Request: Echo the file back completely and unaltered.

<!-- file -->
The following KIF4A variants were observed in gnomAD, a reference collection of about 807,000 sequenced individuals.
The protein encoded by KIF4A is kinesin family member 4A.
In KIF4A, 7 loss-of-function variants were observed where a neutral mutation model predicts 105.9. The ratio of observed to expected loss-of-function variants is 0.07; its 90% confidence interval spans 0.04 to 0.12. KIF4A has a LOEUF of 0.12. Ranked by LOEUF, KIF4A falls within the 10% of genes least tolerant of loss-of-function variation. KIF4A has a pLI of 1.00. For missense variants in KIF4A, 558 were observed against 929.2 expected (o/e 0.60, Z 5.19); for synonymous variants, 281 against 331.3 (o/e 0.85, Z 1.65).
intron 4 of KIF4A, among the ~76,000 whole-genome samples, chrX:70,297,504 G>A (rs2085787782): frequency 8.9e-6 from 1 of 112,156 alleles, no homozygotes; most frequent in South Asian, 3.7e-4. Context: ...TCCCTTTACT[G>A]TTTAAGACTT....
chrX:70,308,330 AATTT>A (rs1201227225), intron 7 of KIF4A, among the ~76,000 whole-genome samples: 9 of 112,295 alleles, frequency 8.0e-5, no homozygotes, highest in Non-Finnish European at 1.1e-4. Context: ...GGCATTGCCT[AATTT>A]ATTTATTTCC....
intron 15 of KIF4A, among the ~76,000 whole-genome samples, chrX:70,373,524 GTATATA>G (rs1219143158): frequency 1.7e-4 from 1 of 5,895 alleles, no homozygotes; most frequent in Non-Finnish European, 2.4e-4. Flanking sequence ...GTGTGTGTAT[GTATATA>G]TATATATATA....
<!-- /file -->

The following KIF4A variants were observed in gnomAD, a reference collection of about 807,000 sequenced individuals.
The protein encoded by KIF4A is kinesin family member 4A.
In KIF4A, 7 loss-of-function variants were observed where a neutral mutation model predicts 105.9. The ratio of observed to expected loss-of-function variants is 0.07; its 90% confidence interval spans 0.04 to 0.12. KIF4A has a LOEUF of 0.12. Ranked by LOEUF, KIF4A falls within the 10% of genes least tolerant of loss-of-function variation. KIF4A has a pLI of 1.00. For missense variants in KIF4A, 558 were observed against 929.2 expected (o/e 0.60, Z 5.19); for synonymous variants, 281 against 331.3 (o/e 0.85, Z 1.65).
intron 4 of KIF4A, among the ~76,000 whole-genome samples, chrX:70,297,504 G>A (rs2085787782): frequency 8.9e-6 from 1 of 112,156 alleles, no homozygotes; most frequent in South Asian, 3.7e-4. Context: ...TCCCTTTACT[G>A]TTTAAGACTT....
chrX:70,308,330 AATTT>A (rs1201227225), intron 7 of KIF4A, among the ~76,000 whole-genome samples: 9 of 112,295 alleles, frequency 8.0e-5, no homozygotes, highest in Non-Finnish European at 1.1e-4. Context: ...GGCATTGCCT[AATTT>A]ATTTATTTCC....
intron 15 of KIF4A, among the ~76,000 whole-genome samples, chrX:70,373,524 GTATATA>G (rs1219143158): frequency 1.7e-4 from 1 of 5,895 alleles, no homozygotes; most frequent in Non-Finnish European, 2.4e-4. Flanking sequence ...GTGTGTGTAT[GTATATA>G]TATATATATA....